• Automated Builds and Continuous Integration: Reduce time and effort associated with manual builds and the risk of big-bang integrations
  • Simple Design and Refactoring: Keep incremental development from leading to poor architectures
  • Multi-Level/Automated Testing and Test-Driven Development: Reduce testing time and effort and allow developers to make changes with confidence
  • Pair Programming: Increase software quality without impacting time to deliver
  • Other: Industry best practices, standard corporate practices, and procedures which may benefit the project

6. Encourages collaboration and facilitates Scrum-prescribed collaborations through:

  • Release Planning Sessions: To determine what a Release should include and when it should be delivered
  • Iteration Planning Sessions: Elaborate, estimate and prioritize highest-value product deliverables for the next iteration
  • Daily Standup Meetings: Very brief meetings to rapidly take the pulse of the project, address challenges, and coordinate activities of the team and with the Product Owner
  • Iteration Review / Demo Sessions: Demonstrate completed functionality to interested stakeholders and users to show      progress and gain important feedback
  • Iteration Retrospective Sessions: Reflect on project and process issues and take action as appropriate. Continuous collaboration and process improvement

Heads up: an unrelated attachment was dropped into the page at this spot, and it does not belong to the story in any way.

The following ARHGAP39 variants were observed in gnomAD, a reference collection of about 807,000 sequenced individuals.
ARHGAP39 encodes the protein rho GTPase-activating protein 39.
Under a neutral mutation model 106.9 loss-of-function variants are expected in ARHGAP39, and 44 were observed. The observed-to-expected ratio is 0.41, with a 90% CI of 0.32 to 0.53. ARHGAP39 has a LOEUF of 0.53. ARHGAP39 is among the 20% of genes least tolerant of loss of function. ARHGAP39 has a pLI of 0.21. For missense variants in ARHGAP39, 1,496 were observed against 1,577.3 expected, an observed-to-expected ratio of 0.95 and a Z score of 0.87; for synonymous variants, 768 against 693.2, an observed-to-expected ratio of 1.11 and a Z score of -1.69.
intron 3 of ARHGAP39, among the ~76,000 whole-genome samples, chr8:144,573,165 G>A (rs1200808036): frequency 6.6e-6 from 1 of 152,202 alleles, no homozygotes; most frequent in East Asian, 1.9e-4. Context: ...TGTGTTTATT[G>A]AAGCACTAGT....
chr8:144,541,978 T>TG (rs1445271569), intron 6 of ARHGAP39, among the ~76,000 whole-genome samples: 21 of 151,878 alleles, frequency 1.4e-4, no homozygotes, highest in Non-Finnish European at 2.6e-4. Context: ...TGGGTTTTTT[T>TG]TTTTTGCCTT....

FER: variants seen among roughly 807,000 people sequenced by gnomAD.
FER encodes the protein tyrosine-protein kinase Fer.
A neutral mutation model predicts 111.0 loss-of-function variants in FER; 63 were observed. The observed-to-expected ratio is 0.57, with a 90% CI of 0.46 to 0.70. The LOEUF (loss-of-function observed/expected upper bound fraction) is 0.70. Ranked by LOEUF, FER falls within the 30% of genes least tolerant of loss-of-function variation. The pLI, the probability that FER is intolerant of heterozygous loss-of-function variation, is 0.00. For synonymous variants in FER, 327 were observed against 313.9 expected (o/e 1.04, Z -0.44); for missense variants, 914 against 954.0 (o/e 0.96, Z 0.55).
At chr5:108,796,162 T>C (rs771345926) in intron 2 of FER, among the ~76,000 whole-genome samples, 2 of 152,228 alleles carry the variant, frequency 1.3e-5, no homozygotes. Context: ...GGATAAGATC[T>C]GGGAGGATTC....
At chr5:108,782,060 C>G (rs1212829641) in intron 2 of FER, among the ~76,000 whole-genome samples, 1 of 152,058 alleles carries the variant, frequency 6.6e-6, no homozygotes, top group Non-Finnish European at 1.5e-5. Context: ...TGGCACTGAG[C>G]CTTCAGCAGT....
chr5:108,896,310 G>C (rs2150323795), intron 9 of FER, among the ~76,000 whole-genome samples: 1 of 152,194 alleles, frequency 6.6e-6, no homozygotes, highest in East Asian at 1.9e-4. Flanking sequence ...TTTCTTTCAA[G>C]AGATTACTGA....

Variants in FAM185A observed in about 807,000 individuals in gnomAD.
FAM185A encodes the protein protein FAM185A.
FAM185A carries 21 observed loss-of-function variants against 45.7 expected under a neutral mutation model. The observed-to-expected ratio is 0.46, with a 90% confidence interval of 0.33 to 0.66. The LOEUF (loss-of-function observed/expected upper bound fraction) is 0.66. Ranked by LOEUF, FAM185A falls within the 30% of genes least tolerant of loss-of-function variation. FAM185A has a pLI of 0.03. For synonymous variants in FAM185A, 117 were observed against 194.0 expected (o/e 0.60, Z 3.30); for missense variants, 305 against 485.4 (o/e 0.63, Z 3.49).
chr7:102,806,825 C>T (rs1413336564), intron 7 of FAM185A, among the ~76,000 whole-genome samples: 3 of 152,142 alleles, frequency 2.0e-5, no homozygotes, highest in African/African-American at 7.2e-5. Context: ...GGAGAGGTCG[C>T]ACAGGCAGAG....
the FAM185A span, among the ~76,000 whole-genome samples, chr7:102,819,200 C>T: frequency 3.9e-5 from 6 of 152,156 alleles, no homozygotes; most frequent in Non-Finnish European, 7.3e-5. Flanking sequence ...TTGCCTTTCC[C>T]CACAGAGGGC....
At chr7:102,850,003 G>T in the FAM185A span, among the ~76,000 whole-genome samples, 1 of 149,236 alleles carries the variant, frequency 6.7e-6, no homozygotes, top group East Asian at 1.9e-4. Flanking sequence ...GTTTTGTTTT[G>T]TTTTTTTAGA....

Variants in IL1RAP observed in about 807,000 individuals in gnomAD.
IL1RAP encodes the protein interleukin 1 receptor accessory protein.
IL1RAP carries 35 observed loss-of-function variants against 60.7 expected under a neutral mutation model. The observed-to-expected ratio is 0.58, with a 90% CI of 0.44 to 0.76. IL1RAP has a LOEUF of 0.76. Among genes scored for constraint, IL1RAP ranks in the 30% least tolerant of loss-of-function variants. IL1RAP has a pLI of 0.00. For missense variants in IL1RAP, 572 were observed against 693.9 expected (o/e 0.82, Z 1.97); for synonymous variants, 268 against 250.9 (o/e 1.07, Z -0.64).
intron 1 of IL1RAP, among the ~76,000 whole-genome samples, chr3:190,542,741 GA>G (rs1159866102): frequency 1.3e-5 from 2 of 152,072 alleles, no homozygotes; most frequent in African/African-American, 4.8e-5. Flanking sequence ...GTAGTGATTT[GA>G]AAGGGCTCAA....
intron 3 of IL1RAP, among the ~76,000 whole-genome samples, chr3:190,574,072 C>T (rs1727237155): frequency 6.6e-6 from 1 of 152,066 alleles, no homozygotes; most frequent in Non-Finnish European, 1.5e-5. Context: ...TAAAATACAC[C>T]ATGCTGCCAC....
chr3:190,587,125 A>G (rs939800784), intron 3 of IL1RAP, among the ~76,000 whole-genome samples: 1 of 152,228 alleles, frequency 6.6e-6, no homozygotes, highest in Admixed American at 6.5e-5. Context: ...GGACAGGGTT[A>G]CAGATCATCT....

As you can see, a Scrum Master has many hats to wear, some in addition to those usually associated with project management.  Agile emphasizes people over process, and that is certainly evident in the team-directed focus of a Scrum Master. Agile emphasizes delivering customer value over extensive documentation and other non-value added artifacts and processes, and that is reflected in the Scrum Master’s emphasis on engineering practices and focus on delivering working value-driven software. Agile and Scrum promote open communication and active contributions from team members and the Product Owner throughout the project, and a highly effective Scrum Master accomplishes this by encouraging and facilitating on-going verbal collaboration, both formally and informally, and by promoting the use of prominent visual displays of project status. A Scrum Master who executes on the strategies outlined here will indeed be a highly effective Scrum Master, and will truly meet or exceed the customer’s expectation of value.

Download our Agile eBook

Share on FacebookTweet about this on TwitterShare on LinkedInGoogle+

About the Author

John Freeman has extensive software development experience, encompassing the full life-cycle. His recent technical focus has been on databases and associated technologies, with some forays into user interface design where needed. He has successfully taken applications to market, and was application architect on a series of projects for State and Federal clients. He has served as chief application architect and collaborated with a team, and has had good success working alone on special projects. He is an agile evangelist and Certified Scrum Master, and has both published and presented on these topics. With Segue, he is making use of his database skills in support of Air Force financial applications, and continues to promote good agile practices. Read more from John Freeman